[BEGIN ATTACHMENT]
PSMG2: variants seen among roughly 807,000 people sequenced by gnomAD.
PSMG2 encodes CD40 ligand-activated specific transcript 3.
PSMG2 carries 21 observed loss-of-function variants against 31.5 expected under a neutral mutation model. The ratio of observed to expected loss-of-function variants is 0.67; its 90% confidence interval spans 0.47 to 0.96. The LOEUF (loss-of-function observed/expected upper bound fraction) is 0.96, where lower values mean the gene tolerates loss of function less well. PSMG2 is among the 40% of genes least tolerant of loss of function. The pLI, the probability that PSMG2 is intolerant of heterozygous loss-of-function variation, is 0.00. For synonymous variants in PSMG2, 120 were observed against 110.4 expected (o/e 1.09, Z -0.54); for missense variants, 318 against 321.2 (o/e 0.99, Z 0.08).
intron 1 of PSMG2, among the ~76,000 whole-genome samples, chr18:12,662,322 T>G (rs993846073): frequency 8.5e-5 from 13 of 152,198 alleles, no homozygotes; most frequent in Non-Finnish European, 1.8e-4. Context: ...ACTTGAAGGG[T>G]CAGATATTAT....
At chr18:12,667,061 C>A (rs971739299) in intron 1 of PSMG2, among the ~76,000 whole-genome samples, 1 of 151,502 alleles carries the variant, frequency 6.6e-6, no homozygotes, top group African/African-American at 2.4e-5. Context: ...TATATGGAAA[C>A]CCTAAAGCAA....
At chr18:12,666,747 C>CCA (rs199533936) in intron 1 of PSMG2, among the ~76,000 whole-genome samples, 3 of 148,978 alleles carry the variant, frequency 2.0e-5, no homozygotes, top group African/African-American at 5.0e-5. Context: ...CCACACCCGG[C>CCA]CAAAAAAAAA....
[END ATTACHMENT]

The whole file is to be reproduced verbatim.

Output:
PSMG2: variants seen among roughly 807,000 people sequenced by gnomAD.
PSMG2 encodes CD40 ligand-activated specific transcript 3.
PSMG2 carries 21 observed loss-of-function variants against 31.5 expected under a neutral mutation model. The ratio of observed to expected loss-of-function variants is 0.67; its 90% confidence interval spans 0.47 to 0.96. The LOEUF (loss-of-function observed/expected upper bound fraction) is 0.96, where lower values mean the gene tolerates loss of function less well. PSMG2 is among the 40% of genes least tolerant of loss of function. The pLI, the probability that PSMG2 is intolerant of heterozygous loss-of-function variation, is 0.00. For synonymous variants in PSMG2, 120 were observed against 110.4 expected (o/e 1.09, Z -0.54); for missense variants, 318 against 321.2 (o/e 0.99, Z 0.08).
intron 1 of PSMG2, among the ~76,000 whole-genome samples, chr18:12,662,322 T>G (rs993846073): frequency 8.5e-5 from 13 of 152,198 alleles, no homozygotes; most frequent in Non-Finnish European, 1.8e-4. Context: ...ACTTGAAGGG[T>G]CAGATATTAT....
At chr18:12,667,061 C>A (rs971739299) in intron 1 of PSMG2, among the ~76,000 whole-genome samples, 1 of 151,502 alleles carries the variant, frequency 6.6e-6, no homozygotes, top group African/African-American at 2.4e-5. Context: ...TATATGGAAA[C>A]CCTAAAGCAA....
At chr18:12,666,747 C>CCA (rs199533936) in intron 1 of PSMG2, among the ~76,000 whole-genome samples, 3 of 148,978 alleles carry the variant, frequency 2.0e-5, no homozygotes, top group African/African-American at 5.0e-5. Context: ...CCACACCCGG[C>CCA]CAAAAAAAAA....